When thinking ceases, then I am

Osho on French Philosopher Rene Descartes

René Descartes (1596–1650) was a creative mathematician of the first order, an important

scientific thinker, and an original metaphysician. During the course of his life, he was a

mathematician first, a natural scientist or “natural philosopher” second, and a metaphysician

third. Descartes’ influence in mathematics was great; the Cartesian coordinate

system was named after him. He is credited as the father of analytic geometry, the bridge

between algebra and geometry—used in the discovery of infinitesimal calculus and analysis.

Descartes has often been called the father of modern philosophy, and is largely seen as

responsible for the increased attention given to epistemology. Descartes’ Meditations on

First Philosophy (1641) continues to be a standard text at most university philosophy

departments. It was the 17th-century arch-rationalists like Descartes, Spinoza and Leibniz

who have given the “Age of Reason” its name and place in history. Leibniz, Spinoza and

Descartes were all well-versed in mathematics as well as philosophy, and Descartes and

Leibniz contributed greatly to science as well. Descartes was also one of the key figures in

the Scientific Revolution.

Osho talks about Descartes and says, “There is a famous dictum of a western philosopher, Rene Descartes: COGITO ERGO SUM – I think, therefore I am. This is absurd: I THINK. therefore I am? It shows that thinking is primary and being is secondary — I think, therefore I am. Thinking is secondary. being is first. First you are, then you think. If you are not, then who is going to think? Thinking cannot exist in a vacuum. If somebody says, “I am, therefore I think”, it is right. But to say “I think, therefore I am” is simply absurd. But still there is a meaning to it: Descartes is the father of western philosophy, and the whole western mind has been influenced by two persons – Aristotle and Descartes. So in the west everything goes through thinking; EVEN BEING GOES THROUGH THINKING. Even being is not a simple fact; you have to think about it first, then you are — as if it is a logical conclusion. It is existential, it is not logical.

So first stop thinking that you are a man or woman. Just know it. Knowing is direct. Somebody else can be in suspicion, but you should not be in suspicion. Somebody else can think about whether you are a man or a woman — and if you live in hippie style, sometimes it can be very difficult… If others are in suspicion as to whether you are a he or a she, it is okay. But you yourself? — then the doubt has entered very deep and has become a disease. Drop that.”

Osho Says….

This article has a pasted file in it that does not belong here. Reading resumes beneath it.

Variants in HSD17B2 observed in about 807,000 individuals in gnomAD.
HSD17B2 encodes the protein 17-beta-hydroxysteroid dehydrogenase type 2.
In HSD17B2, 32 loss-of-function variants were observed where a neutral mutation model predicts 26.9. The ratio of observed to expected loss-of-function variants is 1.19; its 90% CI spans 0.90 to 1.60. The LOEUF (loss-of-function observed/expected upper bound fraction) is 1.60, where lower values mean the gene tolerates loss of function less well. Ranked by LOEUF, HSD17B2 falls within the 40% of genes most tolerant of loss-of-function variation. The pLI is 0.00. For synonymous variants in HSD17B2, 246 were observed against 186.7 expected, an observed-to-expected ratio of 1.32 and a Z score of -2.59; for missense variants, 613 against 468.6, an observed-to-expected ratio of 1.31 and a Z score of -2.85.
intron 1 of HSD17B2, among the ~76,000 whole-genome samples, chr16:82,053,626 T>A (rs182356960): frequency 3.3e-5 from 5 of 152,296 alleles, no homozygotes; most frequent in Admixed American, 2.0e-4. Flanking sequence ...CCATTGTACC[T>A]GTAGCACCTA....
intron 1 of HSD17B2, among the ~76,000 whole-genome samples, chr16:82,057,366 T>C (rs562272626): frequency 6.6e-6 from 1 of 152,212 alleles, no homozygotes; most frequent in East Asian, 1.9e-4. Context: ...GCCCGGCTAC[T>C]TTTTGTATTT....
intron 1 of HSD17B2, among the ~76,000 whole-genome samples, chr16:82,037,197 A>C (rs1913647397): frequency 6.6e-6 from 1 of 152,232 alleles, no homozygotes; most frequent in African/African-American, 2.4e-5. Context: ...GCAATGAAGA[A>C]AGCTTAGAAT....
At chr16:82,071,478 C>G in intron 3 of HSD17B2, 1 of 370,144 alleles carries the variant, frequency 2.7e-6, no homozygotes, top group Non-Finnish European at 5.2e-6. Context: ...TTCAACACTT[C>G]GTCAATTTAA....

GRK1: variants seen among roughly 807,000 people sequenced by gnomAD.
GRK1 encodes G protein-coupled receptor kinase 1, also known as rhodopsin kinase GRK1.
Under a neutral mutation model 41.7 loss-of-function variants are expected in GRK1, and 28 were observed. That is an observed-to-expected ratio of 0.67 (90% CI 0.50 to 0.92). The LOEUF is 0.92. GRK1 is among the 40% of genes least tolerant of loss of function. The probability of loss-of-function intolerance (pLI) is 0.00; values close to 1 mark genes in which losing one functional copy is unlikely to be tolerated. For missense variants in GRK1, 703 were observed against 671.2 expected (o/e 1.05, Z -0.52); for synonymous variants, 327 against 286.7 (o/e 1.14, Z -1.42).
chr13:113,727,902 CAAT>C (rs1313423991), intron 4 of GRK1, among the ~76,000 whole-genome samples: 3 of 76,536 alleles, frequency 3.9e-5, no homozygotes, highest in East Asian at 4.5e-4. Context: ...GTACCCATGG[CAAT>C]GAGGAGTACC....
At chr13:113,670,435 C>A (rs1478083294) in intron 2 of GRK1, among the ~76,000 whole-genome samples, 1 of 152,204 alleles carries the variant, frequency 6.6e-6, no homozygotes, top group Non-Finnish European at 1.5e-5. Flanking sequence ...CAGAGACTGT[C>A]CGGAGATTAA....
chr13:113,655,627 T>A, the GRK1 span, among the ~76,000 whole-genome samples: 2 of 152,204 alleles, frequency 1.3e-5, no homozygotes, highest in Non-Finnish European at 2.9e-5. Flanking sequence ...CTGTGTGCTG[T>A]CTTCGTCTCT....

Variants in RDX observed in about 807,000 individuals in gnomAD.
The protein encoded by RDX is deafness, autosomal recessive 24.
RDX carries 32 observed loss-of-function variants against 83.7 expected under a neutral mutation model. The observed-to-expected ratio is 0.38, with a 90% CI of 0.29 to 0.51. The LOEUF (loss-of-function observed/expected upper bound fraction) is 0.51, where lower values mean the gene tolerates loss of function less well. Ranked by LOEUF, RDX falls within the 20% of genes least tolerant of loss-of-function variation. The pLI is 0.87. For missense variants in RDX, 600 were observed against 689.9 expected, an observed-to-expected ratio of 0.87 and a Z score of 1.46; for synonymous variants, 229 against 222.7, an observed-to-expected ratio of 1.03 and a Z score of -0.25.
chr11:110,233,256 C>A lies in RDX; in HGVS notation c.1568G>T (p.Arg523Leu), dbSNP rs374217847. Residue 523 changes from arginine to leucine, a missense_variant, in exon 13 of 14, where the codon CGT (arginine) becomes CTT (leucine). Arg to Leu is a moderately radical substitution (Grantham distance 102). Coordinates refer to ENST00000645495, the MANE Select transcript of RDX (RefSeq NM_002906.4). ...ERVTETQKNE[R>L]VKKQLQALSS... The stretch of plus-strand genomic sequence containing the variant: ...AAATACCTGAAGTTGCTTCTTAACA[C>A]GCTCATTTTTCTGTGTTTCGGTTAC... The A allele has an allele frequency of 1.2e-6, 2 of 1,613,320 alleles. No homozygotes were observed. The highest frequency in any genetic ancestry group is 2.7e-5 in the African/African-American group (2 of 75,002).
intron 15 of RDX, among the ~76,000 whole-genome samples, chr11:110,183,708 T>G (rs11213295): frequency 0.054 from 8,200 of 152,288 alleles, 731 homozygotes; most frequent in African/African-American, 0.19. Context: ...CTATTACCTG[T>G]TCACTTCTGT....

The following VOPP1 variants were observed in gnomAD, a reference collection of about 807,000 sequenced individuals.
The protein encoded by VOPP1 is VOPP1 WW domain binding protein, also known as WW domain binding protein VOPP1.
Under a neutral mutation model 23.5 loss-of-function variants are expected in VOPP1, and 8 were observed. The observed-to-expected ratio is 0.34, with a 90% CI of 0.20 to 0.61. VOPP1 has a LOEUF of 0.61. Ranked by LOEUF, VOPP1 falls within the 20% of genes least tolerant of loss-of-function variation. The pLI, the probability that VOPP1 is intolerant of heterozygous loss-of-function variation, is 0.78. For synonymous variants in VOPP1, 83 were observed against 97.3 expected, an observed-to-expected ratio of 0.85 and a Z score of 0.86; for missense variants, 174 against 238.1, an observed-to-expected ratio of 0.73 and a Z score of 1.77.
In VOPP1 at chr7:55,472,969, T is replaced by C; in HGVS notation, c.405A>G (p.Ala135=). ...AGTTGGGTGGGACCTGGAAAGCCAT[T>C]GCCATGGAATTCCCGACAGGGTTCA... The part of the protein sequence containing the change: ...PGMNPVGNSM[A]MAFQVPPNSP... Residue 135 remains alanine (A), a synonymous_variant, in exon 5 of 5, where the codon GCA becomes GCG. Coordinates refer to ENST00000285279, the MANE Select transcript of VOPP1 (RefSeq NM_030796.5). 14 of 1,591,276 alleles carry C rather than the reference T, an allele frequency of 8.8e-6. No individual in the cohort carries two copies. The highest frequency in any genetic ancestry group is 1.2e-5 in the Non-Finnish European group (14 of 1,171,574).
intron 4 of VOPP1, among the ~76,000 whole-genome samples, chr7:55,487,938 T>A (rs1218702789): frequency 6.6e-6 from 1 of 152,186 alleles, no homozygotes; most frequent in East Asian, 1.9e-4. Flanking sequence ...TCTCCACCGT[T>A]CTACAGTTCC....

It is one of the most significant differences.

In the Western philosophy there are few names which are more important than the name of Descartes. Descartes’ whole philosophy is based on the single statement, “I think, therefore I am.” But it is obviously very childish because you are not thinking constantly, still you are; you are not thinking while you are asleep, still you are; you may be in a coma, you are not thinking, still you are. “I think I am, therefore I am.” Thinking seems to be the most significant part. It is a conclusion of thinking that “I am,” but when you are not thinking, what happens? In meditation there will be no thinking. And those who have meditated for thousands of years, their experience has to be compared. They say, “When thinking ceases, then I am”, just the opposite of Descartes — because thinking is a disturbance. And when you are engaged with thoughts, you are engaged with something objective, and you are not an object. When all thoughts have disappeared and you are sitting silently doing nothing, the East says, “For the first time you know you are — because now there is no object to distract your consciousness. Your whole consciousness is settled at the center, in the heart.”

And it is not a conclusion; it is not “therefore…” What Descartes is saying is “my existence is a logical conclusion: I think, therefore I am.” It is not an existential experience, it is a logical conclusion. The East says, “When there is no thought, you experience that you are.” There is no question of “therefore…” Descartes can be refuted because it is only a logical conclusion. It is so simple to refute him, and he has become the father figure of Western philosophy! It is so simple to refute him because when you are asleep, you are — and you are not thinking. Even when you are just going for a walk, you are not thinking. If Descartes is right, then a person will be in a continuous trouble; he will have to think continuously, “I am thinking,” to keep himself alive. The moment he forgets thinking, he is finished.